The Central Timna Valley Project (CTV)
The Sonia and Marco Nadler Institute of Archaeology, Tel Aviv University Graduate Program in Archaeology and Archaeomaterials
|The Huffington Post, Sep 2013|
|The Telegraph, Sep 2013|
|National Geographic, Feb 2014|
|New York Times, Feb 2014|
|Haaretz, Aug 2014|
|Click Here For More News Articles|
Commenced in 2012, the Central Timna Valley (CTV) Project of Tel Aviv University is a multi-year multidisciplinary research attempting to elucidate various aspects of the archaeological record in the vicinity of the copper ore deposits of the southern Aravah. The first phase of the project includes new excavations and surveys designed to address a number of critical issues in the Late Bronze and Iron Age archaeology of the southern Levant. These include the history of copper production technology and the introduction of iron, historical issues concerning the nature of 13th – 9th c. BCE desert societies and the impact of the intense copper production on social processes, regional and global political interactions and the economy of the southern Levant at that period.
The focus of the first field seasons (2013) has been Site 34 (“The Slaves’ Hill” / “Giv‘at Ha‘avadim”), one of the largest smelting camps in the Timna Valley (click here for a KMZ file), in addition to two mining fields near the Merkavot Site that represent the two common types of mines in the region: shafts & galleries and open pits (click here for a KMZ file). One of the biggest challenges of the new project is the question of chronology. As recent research at Site 30 clearly demonstrated (Ben-Yosef et al. 2012), the previously accepted ‘Egyptian paradigm’, according to which the main sites in the valley should be dated to the Late Bronze Age – Egyptian New Kingdom period, is no longer valid. Site 30 is now dated to the early Iron Age (11th – 9th c. BCE) and the date of the other main smelting camps, as well as the thousands of mine shafts, is now insecure. In order to address this problem we apply high resolution radiocarbon dating to short lived organic samples from the smelting sites and OSL dating to sediments in the mines. Both methods are promising, as the preservation of organic materials in the arid environment of Timna is extraordinary and the sediments blocking the mine shafts are mostly fine grained quartz, a suitable material for OSL experiments.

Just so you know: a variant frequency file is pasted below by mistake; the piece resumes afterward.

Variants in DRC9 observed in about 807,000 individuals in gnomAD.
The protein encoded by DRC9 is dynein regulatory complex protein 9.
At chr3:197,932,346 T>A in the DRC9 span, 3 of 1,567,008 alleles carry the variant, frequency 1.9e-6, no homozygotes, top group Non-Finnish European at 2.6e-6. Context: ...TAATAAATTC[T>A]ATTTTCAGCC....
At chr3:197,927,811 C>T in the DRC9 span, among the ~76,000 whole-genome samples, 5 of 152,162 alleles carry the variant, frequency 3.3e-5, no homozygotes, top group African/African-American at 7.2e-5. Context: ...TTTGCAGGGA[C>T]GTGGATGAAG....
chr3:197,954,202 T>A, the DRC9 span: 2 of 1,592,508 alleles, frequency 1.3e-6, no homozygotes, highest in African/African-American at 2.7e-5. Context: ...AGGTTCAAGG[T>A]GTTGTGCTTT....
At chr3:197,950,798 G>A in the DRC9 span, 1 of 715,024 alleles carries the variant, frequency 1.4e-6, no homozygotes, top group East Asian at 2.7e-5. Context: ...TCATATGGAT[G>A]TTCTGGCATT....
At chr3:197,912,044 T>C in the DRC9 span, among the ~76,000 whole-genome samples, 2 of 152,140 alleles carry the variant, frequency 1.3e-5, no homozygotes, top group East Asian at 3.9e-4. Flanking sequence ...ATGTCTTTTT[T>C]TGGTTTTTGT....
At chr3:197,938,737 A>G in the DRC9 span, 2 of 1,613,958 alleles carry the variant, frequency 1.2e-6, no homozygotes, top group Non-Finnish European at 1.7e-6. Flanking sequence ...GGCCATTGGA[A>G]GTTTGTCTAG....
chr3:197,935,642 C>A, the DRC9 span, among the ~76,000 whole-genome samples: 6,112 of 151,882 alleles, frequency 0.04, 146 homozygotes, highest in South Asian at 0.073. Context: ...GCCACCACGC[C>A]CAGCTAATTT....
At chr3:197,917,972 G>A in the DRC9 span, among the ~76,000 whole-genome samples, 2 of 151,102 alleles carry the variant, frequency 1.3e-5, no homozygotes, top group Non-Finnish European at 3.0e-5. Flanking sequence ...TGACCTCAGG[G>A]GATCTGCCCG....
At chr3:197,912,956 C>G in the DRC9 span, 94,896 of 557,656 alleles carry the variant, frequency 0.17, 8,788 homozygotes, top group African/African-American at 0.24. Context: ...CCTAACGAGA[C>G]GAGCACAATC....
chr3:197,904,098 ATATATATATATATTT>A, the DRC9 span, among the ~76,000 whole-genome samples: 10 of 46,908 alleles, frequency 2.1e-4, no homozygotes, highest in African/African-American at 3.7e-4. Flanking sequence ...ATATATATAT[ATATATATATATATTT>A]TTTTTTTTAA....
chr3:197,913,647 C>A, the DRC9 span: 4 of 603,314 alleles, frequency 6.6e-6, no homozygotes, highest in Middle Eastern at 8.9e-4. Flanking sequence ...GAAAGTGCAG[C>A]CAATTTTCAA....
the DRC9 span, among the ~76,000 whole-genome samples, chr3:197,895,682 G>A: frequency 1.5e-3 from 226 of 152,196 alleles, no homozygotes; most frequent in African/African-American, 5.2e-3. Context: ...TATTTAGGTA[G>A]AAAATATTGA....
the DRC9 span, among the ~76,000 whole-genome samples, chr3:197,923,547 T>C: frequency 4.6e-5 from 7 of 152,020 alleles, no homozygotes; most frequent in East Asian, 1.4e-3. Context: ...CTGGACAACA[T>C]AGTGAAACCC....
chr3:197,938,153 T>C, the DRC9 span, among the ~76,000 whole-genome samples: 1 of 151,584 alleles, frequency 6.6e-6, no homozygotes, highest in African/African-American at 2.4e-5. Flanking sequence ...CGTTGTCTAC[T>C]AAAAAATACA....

Site 34 was previously surveyed by Nelson Glueck (1934) and the Arava Expedition of Rothenberg (1959-1961), but it is only now that the first detailed mapping and systematic excavations take place. When asked why he did not conduct excavations at this key site in the center of the Timna Valley, Rothenberg argued that it was kept for the next generation, to be investigated using new methods and different methodologies. Indeed, the design of the CTV Project is a consequence of this visionary approach.
The CTV Project is supported by the Yad Hanadiv Foundation and the Marie Curie FP7-PEOPLE-2012-CIG grant #334274.